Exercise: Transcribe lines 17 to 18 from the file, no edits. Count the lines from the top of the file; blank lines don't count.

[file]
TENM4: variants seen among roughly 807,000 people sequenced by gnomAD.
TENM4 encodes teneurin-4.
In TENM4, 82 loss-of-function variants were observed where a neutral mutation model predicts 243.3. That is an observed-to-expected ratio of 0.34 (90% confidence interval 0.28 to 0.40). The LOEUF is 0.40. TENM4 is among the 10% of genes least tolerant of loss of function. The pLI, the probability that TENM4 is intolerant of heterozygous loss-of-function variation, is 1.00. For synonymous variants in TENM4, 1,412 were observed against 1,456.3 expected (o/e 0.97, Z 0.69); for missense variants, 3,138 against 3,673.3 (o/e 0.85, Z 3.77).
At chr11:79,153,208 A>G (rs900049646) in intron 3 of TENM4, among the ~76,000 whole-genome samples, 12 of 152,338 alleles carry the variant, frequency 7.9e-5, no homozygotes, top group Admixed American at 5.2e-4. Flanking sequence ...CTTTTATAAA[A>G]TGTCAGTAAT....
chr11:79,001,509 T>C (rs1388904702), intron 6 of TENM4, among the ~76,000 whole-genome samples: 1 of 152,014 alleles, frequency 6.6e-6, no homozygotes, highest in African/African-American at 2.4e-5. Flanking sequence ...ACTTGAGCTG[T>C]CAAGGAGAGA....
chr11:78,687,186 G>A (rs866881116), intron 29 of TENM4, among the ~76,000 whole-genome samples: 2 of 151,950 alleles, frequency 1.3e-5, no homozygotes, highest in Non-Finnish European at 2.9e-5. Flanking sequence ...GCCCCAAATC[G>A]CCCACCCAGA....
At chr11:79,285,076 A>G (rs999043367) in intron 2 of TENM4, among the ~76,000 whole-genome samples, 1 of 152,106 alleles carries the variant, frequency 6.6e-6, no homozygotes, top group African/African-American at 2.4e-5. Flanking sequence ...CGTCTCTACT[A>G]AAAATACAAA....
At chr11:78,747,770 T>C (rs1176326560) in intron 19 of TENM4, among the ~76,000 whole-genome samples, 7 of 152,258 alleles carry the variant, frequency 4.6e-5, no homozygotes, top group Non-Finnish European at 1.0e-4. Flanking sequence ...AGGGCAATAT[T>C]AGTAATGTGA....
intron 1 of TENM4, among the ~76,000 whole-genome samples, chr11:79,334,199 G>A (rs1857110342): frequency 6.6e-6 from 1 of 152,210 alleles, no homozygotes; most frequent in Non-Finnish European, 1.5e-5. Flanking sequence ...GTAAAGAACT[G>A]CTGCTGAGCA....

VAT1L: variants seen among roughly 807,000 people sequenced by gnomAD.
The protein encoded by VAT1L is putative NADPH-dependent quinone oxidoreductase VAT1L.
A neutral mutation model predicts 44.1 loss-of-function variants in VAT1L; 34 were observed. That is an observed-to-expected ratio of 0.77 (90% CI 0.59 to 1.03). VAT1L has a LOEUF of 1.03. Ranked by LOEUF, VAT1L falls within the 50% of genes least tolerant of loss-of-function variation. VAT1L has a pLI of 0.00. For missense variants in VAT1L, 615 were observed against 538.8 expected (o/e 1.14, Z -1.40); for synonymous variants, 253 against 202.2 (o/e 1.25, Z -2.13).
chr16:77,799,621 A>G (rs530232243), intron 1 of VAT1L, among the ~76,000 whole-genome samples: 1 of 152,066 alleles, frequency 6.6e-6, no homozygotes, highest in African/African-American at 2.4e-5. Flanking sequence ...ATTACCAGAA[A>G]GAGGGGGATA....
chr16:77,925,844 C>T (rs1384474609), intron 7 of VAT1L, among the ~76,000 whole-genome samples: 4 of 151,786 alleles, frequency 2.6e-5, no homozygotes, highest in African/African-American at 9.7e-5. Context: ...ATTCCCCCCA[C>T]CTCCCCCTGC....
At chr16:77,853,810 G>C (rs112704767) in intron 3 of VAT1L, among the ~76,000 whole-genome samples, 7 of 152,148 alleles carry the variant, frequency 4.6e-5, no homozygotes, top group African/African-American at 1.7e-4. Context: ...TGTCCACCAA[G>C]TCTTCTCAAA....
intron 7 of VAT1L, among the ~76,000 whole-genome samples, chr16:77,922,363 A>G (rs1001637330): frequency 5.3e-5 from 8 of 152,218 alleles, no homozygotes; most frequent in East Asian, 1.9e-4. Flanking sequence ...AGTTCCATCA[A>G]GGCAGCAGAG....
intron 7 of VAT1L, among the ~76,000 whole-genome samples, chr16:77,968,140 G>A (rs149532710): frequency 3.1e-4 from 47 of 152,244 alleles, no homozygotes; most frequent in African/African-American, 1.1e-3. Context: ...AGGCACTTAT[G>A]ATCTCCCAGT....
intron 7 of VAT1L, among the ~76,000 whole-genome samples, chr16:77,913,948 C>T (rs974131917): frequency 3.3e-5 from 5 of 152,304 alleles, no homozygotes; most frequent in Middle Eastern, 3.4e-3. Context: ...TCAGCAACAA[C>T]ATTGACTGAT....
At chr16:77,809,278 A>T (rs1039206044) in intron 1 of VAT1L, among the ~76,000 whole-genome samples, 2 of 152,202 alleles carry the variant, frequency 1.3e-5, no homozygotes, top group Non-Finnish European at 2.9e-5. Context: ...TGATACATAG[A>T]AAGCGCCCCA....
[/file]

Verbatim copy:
intron 7 of VAT1L, among the ~76,000 whole-genome samples, chr16:77,968,140 G>A (rs149532710): frequency 3.1e-4 from 47 of 152,244 alleles, no homozygotes; most frequent in African/African-American, 1.1e-3. Context: ...AGGCACTTAT[G>A]ATCTCCCAGT....
intron 7 of VAT1L, among the ~76,000 whole-genome samples, chr16:77,913,948 C>T (rs974131917): frequency 3.3e-5 from 5 of 152,304 alleles, no homozygotes; most frequent in Middle Eastern, 3.4e-3. Context: ...TCAGCAACAA[C>T]ATTGACTGAT....